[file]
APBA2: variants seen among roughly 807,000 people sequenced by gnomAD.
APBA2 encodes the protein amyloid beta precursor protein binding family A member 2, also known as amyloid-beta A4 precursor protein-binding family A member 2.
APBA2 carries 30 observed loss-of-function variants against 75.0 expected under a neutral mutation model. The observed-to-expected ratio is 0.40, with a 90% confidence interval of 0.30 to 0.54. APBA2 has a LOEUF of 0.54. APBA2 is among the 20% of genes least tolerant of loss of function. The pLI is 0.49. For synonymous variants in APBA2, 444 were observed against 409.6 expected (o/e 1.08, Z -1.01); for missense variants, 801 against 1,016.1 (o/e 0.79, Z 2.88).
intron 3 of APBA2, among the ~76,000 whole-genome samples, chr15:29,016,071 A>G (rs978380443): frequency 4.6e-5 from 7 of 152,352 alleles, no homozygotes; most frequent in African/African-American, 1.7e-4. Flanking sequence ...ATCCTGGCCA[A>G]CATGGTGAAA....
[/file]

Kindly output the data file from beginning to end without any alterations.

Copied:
APBA2: variants seen among roughly 807,000 people sequenced by gnomAD.
APBA2 encodes the protein amyloid beta precursor protein binding family A member 2, also known as amyloid-beta A4 precursor protein-binding family A member 2.
APBA2 carries 30 observed loss-of-function variants against 75.0 expected under a neutral mutation model. The observed-to-expected ratio is 0.40, with a 90% confidence interval of 0.30 to 0.54. APBA2 has a LOEUF of 0.54. APBA2 is among the 20% of genes least tolerant of loss of function. The pLI is 0.49. For synonymous variants in APBA2, 444 were observed against 409.6 expected (o/e 1.08, Z -1.01); for missense variants, 801 against 1,016.1 (o/e 0.79, Z 2.88).
intron 3 of APBA2, among the ~76,000 whole-genome samples, chr15:29,016,071 A>G (rs978380443): frequency 4.6e-5 from 7 of 152,352 alleles, no homozygotes; most frequent in African/African-American, 1.7e-4. Flanking sequence ...ATCCTGGCCA[A>G]CATGGTGAAA....